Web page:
By David DeKok

By David DeKok

HARRISBURG, Pa. (Reuters) - A panel of federal judges on Friday will weigh Republicans' latest attempt to block new Pennsylvania district boundaries for voters in congressional elections that could boost Democrats' chances of winning control of Congress this year.

The state's Supreme Court issued the revised map last month after finding the old lines were drawn by the Republican-controlled legislature to marginalize Democratic voters in violation of the Pennsylvania constitution.

The new map increases Democrats' odds of winning some half-dozen congressional seats in Pennsylvania, according to political analysts. The party must flip 24 seats nationwide in November's mid-term elections to win the majority of the U.S. House of Representatives from Republicans.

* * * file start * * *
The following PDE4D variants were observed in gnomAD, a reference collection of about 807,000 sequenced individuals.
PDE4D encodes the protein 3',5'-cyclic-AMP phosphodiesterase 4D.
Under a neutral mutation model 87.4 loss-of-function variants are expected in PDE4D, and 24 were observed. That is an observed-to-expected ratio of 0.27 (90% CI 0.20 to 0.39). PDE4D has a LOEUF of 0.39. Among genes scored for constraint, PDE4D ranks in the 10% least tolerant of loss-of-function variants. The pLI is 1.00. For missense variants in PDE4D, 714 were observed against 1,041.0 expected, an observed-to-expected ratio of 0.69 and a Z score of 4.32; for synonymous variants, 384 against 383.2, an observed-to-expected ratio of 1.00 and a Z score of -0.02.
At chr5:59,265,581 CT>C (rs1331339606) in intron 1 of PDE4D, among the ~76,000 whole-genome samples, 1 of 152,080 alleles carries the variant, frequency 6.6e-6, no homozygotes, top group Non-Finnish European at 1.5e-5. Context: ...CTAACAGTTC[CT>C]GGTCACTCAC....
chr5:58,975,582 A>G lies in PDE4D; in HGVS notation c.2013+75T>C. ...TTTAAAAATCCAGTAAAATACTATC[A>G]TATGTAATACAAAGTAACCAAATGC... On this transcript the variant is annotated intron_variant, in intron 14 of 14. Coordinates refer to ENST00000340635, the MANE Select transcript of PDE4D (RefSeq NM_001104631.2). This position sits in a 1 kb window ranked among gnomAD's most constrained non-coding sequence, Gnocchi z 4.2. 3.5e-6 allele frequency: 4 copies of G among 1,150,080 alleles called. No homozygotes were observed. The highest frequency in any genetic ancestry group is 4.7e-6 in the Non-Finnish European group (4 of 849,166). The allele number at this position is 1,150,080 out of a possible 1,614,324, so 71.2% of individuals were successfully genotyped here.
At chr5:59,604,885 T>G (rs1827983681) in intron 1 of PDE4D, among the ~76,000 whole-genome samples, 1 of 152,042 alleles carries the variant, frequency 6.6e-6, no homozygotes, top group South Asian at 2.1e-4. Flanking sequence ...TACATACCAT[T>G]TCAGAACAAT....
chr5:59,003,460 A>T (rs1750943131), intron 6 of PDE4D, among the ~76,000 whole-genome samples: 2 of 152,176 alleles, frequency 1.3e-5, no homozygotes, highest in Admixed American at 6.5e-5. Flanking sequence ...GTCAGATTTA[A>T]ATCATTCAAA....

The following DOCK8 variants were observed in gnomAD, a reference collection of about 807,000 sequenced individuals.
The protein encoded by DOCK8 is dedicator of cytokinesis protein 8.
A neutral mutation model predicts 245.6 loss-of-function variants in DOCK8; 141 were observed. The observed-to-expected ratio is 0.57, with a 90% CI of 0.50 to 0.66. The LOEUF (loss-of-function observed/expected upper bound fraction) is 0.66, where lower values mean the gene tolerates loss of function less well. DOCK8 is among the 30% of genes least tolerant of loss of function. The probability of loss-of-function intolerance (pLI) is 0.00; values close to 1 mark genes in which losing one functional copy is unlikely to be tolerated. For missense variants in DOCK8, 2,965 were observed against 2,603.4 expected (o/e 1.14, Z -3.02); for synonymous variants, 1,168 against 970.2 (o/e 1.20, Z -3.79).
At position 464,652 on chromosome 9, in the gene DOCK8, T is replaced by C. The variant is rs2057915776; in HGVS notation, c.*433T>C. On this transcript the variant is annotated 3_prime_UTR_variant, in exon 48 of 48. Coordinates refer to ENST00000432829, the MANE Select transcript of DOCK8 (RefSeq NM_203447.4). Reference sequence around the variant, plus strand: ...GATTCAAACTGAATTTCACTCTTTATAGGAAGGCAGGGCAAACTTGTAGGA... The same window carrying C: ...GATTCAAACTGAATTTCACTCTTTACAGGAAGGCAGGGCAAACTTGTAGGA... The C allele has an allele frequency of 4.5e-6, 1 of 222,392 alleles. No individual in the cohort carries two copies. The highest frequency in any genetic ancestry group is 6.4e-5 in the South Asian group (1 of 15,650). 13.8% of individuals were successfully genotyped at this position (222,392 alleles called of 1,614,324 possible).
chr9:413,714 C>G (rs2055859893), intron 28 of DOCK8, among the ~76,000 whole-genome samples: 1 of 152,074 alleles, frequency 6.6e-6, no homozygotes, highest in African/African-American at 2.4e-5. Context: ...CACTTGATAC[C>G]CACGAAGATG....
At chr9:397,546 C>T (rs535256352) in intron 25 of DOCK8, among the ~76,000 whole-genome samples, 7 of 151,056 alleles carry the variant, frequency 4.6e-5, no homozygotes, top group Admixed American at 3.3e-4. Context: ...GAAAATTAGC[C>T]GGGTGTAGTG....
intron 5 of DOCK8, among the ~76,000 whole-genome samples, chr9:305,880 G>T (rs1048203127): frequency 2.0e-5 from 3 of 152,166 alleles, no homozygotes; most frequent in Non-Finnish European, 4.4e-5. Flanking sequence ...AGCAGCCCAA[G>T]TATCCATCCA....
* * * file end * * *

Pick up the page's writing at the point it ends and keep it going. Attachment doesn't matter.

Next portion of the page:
Since the old boundaries were instituted prior to the 2012 mid-term elections, Republicans have held 13 of the state's 18 congressional seats despite the state's closely divided electorate.

Republicans have pursued two separate avenues of appeal, asking the U.S. Supreme Court to throw out the map while also filing a lawsuit in Harrisburg seeking an injunction to prevent the map from taking effect ahead of May's primary elections.

The U.S. Supreme Court, which rejected a similar appeal in February, has not yet ruled on the latest petition.

Several incumbent Republican congressmen are plaintiffs in the Harrisburg lawsuit, which will be heard by a three-judge panel as per federal law regarding electoral challenges.

State election officials have asked the court to throw out the lawsuit, arguing that the judges have no jurisdiction over a state court's decision.

In January, the Pennsylvania Supreme Court found the old map's bizarrely shaped districts – one of which earned the derisive nickname "Goofy Kicking Donald Duck" – were deliberately constructed to ensure Republicans would hold the advantage.

(Writing by Joseph Ax; Editing by Cynthia Osterman)

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